Weeks SK, McGann PE, Michaels TK, & Penninx, BW. Comparing various short-form geriatric depression scales leads to the GDS-5/15. Journal of Nursing Scholarship 2003;2:133-7. Yesavage JA, Brink TL, Rose TL, Lum O, Huang V, Adey MB, Leirer VO. (1983) Development and validation of a geriatric depression screening scale: A preliminary report. Journal of Psychiatric Research 17: 37-49.

Geriatric Depression Scale (GDS)

This scale was developed as a basic screening measure for depression in older adults. Created in the early 1980s by Yesage & Brink, the original scale is in the public domain.

MOOD SCALE Choose the best answer for how you have felt over the past week:

1. Are you basically satisfied with your life? 2. Have you dropped many of your activities and interests? 3. Do you feel that your life is empty? 4. Do you often get bored? 5. Are you in good spirits most of the time? 6. Are you afraid that something bad is going to happen to you? 7. Do you feel happy most of the time? 8. Do you often feel helpless? 9. Do you prefer to stay at home, rather than going out and doing new things? 10. Do you feel you have more problems with memory than most? 11. Do you think it is wonderful to be alive now? 12. Do you feel pretty worthless the way you are now? 13. Do you feel full of energy? 14. Do you feel that your situation is hopeless? 15. Do you think that most people are better off than you are?

Answers in bold score 1 point.

YES / NO YES / NO YES / NO YES / NO YES / NO YES / NO YES / NO YES / NO YES / NO YES / NO YES / NO YES / NO YES / NO YES / NO YES / NO

The GDS is a screening tool and not a diagnosis. Although differing sensitivities and specificities have been obtained across studies, for clinical purposes a score of 6 points or more is suggestive of depression and should warrant a thorough assessment.

Screening Tool: Alternate Geriatric Depression Scale (GDS)

Resident's Name: ___________________________________________ Record #: _________________ Circle resident's response to questions. Each answer indicated by an asterisk (*) counts as 1 point. 1. 2. 3. 4. 5. Are you basically satisfied with your life? Do you often get bored? Do you often feel helpless? Do you prefer to stay home rather than going out and doing things? Do you feel pretty worthless the way you are now? Yes Yes * Yes * Yes * Yes * No * No No No No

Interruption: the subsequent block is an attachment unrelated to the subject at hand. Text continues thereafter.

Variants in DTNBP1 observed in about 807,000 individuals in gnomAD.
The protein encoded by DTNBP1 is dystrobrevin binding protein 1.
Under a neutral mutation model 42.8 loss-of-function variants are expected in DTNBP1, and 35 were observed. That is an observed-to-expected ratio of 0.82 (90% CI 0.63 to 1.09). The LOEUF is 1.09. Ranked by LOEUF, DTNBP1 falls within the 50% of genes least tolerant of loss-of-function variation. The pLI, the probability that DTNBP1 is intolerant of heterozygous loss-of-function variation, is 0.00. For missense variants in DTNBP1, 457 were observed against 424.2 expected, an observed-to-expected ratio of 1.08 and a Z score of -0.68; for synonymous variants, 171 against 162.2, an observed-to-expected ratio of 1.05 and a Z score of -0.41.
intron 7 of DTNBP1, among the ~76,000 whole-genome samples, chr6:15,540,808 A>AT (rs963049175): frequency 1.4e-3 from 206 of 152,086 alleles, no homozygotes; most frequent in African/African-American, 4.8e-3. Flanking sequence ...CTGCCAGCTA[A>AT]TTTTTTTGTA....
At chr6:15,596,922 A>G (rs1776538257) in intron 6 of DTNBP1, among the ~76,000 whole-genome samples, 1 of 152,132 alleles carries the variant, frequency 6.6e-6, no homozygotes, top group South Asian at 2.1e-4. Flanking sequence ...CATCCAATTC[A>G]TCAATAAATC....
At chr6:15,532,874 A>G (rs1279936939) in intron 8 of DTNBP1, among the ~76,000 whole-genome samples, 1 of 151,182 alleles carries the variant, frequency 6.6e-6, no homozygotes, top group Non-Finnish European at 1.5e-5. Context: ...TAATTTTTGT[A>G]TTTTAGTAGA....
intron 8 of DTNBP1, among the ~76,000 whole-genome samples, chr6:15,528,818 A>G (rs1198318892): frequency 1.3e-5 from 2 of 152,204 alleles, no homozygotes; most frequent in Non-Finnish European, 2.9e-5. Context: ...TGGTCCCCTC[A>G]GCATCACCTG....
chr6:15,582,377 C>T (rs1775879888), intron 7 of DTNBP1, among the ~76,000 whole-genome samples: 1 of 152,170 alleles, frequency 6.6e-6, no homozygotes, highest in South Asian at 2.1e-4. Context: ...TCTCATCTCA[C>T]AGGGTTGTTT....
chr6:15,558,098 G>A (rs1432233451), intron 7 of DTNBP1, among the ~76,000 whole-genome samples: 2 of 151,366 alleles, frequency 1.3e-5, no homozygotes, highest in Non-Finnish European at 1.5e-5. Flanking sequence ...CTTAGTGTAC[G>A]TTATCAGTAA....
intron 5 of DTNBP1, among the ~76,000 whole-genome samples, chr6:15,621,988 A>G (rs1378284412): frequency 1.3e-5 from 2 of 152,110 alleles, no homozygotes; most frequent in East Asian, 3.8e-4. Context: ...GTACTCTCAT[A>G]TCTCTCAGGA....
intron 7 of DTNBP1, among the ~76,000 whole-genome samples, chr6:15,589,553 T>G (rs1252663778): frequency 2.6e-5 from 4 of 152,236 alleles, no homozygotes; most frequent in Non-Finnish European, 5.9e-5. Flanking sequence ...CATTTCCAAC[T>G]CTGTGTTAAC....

GDS-5 Score _________ If the GDS-5 score is 1 or less, you may stop here. If the GDS-5 score is 2 or more, continue with the remaining 10 questions. A GDS-5 score of 2 or more indicates possible depression. 6. 7. 8. 9. Have you dropped many of your activities and interests? Do you feel that your life is empty? Are you in good spirits most of the time? Yes * Yes * Yes No No No * No No * No No * No * No No

Are you afraid that something bad is going to happen to you? Yes * 10. Do you feel happy most of the time? Yes 11. Do you feel you have more problems with memory than most? 12. Do you think it is wonderful to be alive now? 13. Do you feel full of energy? 14. Do you feel your situation is hopeless? 15. Do you think that most people are better off than you are? Yes * Yes Yes Yes * Yes *

GDS-15 Score _________ A GDS-15 score of 5-9 indicates possible depression; above 9 usually indicates depression ___________________________________________________________ Signature of person completing form ___________________ Date

References:

Weeks SK, McGann PE, Michaels TK, & Penninx, BW. Comparing various short-form geriatric depression scales leads to the GDS-5/15. Journal of Nursing Scholarship 2003;2:133-7. Goring, H, Baldwin, R, Marriott, A, Pratt, H, & Roberts, C. Validation of short screening tests for depression and cognitive impairment in older medically ill inpatients. International Journal of Geriatric Psychiatry 2004;19:465-71.

This material was prepared by TMF® Health Quality Institute, the Medicare Quality Improvement Organization for Texas, under contract with the Centers for Medicare & Medicaid Services (CMS), an agency of the U.S. Department of Health and Human Services. The contents presented do not necessarily reflect CMS policy. 8SOW-TX-NHQI-06-29